1. FLASH CARDS
Have your child draw the vocab word on one side (artistic ability not required) and write the French word on the other side.
A. Hold up the picture and have your child say the word to you.
B. Hold up the word and have your child say the word in English or act it out.
C. Hold up the picture and have your child write the word in French.
D. Look at the picture, act it out for your child, and have him/her say the word in French.
During class, your child is to write the pronunciation of the word along with the word’s proper spelling.
A. Look at the notebook and try to pronounce the word.
B. Intentionally pronounce it wrong and have your child correct you.
C. Have your child say the word to you and then you repeat it.
Don’t be overly concerned if the pronunciation isn’t great at first. His/her first English words weren’t perfect either, but when was the last time (s)he said “Wun wabbit, wun”?
The hardest part about French spelling. Spelling will count on tests and quizzes, generally for half credit.
A. As stated above, show the child the picture and have him/her write the word in French.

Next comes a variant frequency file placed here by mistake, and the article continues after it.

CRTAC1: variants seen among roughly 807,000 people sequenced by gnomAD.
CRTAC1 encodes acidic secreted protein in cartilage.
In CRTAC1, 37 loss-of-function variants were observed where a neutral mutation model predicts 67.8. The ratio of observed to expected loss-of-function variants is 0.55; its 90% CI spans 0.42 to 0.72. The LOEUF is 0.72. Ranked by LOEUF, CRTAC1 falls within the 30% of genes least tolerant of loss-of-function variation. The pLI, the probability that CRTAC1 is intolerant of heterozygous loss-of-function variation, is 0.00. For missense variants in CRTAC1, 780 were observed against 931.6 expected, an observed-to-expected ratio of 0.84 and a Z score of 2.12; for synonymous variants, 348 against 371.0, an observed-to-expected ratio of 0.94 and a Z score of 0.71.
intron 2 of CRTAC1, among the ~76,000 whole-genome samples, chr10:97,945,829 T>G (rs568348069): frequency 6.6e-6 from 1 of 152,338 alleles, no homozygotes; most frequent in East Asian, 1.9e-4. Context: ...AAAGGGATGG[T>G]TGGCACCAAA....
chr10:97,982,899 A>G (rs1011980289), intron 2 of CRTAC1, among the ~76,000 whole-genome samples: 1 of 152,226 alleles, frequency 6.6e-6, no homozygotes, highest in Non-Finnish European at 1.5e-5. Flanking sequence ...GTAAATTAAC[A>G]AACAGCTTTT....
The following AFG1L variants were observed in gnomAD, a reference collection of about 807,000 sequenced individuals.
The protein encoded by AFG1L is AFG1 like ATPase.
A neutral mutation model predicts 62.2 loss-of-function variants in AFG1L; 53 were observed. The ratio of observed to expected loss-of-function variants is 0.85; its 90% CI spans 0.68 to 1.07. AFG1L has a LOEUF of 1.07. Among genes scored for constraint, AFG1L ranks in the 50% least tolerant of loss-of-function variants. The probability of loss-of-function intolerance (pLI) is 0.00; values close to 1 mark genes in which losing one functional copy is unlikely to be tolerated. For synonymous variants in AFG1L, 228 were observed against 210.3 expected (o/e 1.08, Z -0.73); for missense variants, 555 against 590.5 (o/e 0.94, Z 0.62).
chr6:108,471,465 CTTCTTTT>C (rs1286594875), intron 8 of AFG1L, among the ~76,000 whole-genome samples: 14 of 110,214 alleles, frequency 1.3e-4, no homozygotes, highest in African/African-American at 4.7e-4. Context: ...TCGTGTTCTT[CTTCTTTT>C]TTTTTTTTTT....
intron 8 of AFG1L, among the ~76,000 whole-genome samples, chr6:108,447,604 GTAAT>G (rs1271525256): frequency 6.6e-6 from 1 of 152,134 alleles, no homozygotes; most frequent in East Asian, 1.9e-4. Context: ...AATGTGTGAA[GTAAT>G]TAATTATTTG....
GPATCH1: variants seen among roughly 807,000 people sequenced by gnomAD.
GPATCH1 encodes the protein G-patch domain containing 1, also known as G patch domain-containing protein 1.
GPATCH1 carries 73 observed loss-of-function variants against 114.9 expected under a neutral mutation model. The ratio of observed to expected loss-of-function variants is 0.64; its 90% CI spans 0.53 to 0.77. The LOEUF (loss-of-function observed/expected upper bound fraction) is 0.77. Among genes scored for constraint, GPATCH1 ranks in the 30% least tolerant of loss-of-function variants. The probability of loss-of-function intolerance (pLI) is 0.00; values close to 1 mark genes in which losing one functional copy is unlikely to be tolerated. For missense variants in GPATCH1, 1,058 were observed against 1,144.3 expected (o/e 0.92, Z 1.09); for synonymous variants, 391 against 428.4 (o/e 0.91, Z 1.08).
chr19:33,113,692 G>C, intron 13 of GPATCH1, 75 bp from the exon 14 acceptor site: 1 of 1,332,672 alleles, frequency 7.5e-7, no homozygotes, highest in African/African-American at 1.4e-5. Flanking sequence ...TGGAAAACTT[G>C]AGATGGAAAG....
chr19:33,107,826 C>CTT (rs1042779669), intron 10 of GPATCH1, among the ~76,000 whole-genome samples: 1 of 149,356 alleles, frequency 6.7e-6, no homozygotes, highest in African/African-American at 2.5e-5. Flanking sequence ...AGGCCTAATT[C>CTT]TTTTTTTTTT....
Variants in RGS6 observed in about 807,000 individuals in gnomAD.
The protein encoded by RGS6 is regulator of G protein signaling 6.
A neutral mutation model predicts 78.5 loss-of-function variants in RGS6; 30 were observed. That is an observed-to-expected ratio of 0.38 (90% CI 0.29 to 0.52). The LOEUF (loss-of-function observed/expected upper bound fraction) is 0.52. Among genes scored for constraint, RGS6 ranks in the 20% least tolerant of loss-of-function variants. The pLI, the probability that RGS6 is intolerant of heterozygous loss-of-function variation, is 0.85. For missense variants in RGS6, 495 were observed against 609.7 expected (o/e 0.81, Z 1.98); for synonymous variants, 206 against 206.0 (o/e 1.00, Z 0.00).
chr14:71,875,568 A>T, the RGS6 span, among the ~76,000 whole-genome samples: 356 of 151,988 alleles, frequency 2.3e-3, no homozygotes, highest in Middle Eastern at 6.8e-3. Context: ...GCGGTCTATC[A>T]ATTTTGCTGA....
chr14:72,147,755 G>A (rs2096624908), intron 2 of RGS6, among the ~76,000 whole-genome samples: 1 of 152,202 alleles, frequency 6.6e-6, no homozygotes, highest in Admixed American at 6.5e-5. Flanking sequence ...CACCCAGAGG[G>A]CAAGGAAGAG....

B. Act out the word as the student writes the word in French.
C. Say the word in English as the student writes the word in French.
1. If the student misspells the word, rewrite it five times each. Then 10, 20, etc.
2. If accents are a problem, write the accent in a different color. Or raise the hand as the letter is written, with the hand the shape and direction of the accent mark.
3. Remember, if you child has a problem with spelling, (s)he can take the test orally, before school, by appointment. Instead of proper spelling, proper pronunciation will count.
4. STUDENT AS TEACHER
Have your child teach you or a sibling French. Even a pet or a stuffed animal, but don’t expect it to talk back or act it out!
5. INTERNET AND THE REAL WORLD
A. With your child, research a French-speaking country.
B. Find a French recipe and cook it. (Feel free to bring samples for the class!!)
C. With your child, go to www.yahoo.fr and surf the French web
D. Visit Tennessee Bob’s website of great French links
E. Look for French used in English and the real world (words, news, crosswords, etc.) Bring it in for extra credit.
THINGS TO CONSIDER
1. Five to ten minutes a night reviewing French is better than an hour of cramming.
2. As with his/her first language, progress is slow and steady. Don’t expect overnight fluency.
3. My method of teaching might seem unorthodox but is actually “sneaky” and similar to learning the first language.
4. My method of instruction includes the multiple intelligences. We’ll learn orally, physically, with music, and with much humor. It’s crazy, but it works!
5. My grading policy for French I, II and III is summarized below. See the classroom rules sheet for more details.
Homework—25% of grade (normally graded for completion)
Oral participation –25% of grade
Tests and quizzes—50% of grade
To access your child's grade, go to: